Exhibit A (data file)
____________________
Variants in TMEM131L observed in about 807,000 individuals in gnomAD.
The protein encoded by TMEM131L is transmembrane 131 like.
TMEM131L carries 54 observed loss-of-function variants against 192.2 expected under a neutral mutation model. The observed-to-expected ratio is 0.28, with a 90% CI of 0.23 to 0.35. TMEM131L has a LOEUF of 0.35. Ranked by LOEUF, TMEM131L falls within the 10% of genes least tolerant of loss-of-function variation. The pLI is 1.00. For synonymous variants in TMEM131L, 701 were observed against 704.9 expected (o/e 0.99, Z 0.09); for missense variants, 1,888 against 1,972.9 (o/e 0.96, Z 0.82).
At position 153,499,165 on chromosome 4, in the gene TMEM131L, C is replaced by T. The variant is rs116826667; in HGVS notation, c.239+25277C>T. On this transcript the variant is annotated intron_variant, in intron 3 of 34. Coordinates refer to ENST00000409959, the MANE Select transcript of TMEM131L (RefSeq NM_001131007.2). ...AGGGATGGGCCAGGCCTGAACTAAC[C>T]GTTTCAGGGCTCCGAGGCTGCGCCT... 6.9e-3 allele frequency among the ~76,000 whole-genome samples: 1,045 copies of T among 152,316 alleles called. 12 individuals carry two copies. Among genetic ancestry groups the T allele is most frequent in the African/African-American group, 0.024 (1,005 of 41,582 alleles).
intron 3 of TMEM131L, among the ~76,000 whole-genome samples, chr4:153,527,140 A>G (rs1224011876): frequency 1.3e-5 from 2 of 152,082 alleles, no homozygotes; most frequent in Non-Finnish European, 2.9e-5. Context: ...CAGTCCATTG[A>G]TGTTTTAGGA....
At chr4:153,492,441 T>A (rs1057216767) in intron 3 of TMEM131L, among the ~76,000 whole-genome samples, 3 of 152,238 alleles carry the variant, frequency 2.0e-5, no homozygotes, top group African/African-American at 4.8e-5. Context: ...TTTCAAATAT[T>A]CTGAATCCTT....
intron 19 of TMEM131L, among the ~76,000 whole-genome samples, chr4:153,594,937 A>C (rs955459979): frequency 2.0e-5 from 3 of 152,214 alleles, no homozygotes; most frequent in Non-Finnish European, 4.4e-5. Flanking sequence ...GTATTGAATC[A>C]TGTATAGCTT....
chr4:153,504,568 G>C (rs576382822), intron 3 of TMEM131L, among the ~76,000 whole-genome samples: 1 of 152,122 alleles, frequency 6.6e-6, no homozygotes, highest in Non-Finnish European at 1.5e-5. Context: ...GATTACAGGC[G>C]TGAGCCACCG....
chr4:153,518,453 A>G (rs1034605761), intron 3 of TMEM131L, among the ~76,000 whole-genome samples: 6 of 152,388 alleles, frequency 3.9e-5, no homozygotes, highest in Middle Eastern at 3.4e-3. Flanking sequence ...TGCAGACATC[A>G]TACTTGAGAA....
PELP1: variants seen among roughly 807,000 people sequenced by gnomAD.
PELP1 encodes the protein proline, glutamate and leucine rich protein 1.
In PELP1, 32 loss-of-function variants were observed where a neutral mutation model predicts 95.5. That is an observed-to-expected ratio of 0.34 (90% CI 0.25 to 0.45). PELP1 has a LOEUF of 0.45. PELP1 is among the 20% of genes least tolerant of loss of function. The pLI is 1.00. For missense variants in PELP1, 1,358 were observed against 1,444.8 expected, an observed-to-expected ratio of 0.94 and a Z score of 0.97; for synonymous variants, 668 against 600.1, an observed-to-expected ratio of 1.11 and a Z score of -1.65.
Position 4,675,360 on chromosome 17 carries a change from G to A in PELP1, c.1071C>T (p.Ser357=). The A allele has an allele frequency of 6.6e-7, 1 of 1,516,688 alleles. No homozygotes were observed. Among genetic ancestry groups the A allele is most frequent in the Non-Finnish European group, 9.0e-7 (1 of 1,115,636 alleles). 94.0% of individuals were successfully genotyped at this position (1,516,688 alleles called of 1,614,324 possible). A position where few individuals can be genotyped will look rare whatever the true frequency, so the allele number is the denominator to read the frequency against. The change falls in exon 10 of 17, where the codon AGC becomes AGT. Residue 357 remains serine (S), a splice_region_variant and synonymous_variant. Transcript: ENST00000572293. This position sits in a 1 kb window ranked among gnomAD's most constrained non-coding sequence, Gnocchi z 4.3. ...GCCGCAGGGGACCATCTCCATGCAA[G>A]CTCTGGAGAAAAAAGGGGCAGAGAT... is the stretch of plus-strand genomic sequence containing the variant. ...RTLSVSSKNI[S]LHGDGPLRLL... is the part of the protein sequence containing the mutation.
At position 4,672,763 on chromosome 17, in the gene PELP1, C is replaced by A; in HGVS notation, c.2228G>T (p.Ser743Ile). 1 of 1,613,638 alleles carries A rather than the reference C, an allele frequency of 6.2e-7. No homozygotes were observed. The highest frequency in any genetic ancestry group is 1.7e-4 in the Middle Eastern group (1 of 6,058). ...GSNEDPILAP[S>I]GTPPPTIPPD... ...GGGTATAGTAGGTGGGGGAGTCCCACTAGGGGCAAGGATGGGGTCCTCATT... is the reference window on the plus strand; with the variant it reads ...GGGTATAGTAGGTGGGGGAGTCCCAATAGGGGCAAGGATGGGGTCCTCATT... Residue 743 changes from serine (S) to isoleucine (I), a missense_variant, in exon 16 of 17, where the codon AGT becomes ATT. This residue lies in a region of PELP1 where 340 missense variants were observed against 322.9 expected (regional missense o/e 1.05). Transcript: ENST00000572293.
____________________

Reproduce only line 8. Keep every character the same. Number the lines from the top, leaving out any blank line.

chr4:153,504,568 G>C (rs576382822), intron 3 of TMEM131L, among the ~76,000 whole-genome samples: 1 of 152,122 alleles, frequency 6.6e-6, no homozygotes, highest in Non-Finnish European at 1.5e-5. Context: ...GATTACAGGC[G>C]TGAGCCACCG....